Saturday, August 24, 2019

Eagle Butte
Mostly cloudy
Mostly cloudy

The Witch’s Daughter and The Return of the Witch offer light reads for cold nights

The Witch’s Daughter series provides a pleasant walk through time and into a fantastic world of witches and warlocks.

Paula Brackston is a writer who lives in the mountains of Wales, according to her bio on

She is known for her historical fantasy novels with The Witch’s Daughter her first book, published in 2008. It’s sequel, The Return of the Witch, was published in 2016.

The novels tell the story of Elizabeth Hawksmith and her battles with Gideon Masters. Elizabeth, or Bess, is thrust into the world of witchery by circumstance and desperation, and Gideon is her teacher, who nearly seduces Bess into being his queen in dark magic.

Much to Gideon’s dismay, Bess’s stubbornness, defiant independence, and desire to survive causes her to accept the power Gideon offered, but reject Gideon.

The rejection leads to a pursuit across centuries as the immortal Gideon hunts the immortal Bess across the world that the reader glimpses as Bess reveals her stories in her diary, both past and present, when she moves into a small cabin not far from her old home and befriends a young girl names Tegan.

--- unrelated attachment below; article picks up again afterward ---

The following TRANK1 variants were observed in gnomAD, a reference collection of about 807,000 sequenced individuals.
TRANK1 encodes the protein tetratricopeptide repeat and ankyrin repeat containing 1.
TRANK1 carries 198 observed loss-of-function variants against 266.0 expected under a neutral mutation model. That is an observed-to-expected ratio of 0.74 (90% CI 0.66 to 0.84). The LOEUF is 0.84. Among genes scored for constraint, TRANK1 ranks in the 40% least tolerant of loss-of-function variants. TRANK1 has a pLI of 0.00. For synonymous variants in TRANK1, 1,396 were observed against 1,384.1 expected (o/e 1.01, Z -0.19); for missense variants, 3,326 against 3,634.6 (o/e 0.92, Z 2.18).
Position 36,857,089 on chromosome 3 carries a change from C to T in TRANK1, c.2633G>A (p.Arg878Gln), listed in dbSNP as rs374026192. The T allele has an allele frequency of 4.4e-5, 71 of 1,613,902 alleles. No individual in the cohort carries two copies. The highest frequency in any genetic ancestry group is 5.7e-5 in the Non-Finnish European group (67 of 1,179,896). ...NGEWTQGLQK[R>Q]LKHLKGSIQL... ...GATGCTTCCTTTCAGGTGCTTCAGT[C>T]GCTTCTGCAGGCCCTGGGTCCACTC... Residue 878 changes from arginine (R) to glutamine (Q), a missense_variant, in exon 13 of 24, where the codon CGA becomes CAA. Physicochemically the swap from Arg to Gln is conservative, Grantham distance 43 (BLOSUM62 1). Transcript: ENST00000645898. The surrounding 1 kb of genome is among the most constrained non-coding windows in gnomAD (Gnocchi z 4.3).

The second novel visits the Bess and Tegan five years after the events of the first novel, bringing them together as adults, once again taking the reader across time battling evil.

Brackston’s novels provide minute details of the customs and habits of mind as well as details of technology and historical events that place the fictional characters into real backdrops from the seventeenth century to the present day.

While the writing has elements of exquisite word play and description, and the characters are engaging, the central character, Bess, can be somewhat annoying, although consistent across the novels. She is so stubborn that she is at times quite daft.

Elements of the novels are predictable, but the world they open for the reader and the characters revealed entice the reader enough to keep turning the pages — or listening — just to learn how the story unfolds, and what happens to each character that marches across the pages. 

If you enjoy reading about the habits of witches, glimpsing fantastic characters in the midst of the real details of history, and rooting for strong, independent women with a dabble of romance, then Brackston’s pair of books about Bess and Tegan will make great reading for the cold winter nights this holiday season.

For more information about Paula Brackston, how to purchase the novels for reading or listening, or to see what other novels Brackston has written, visit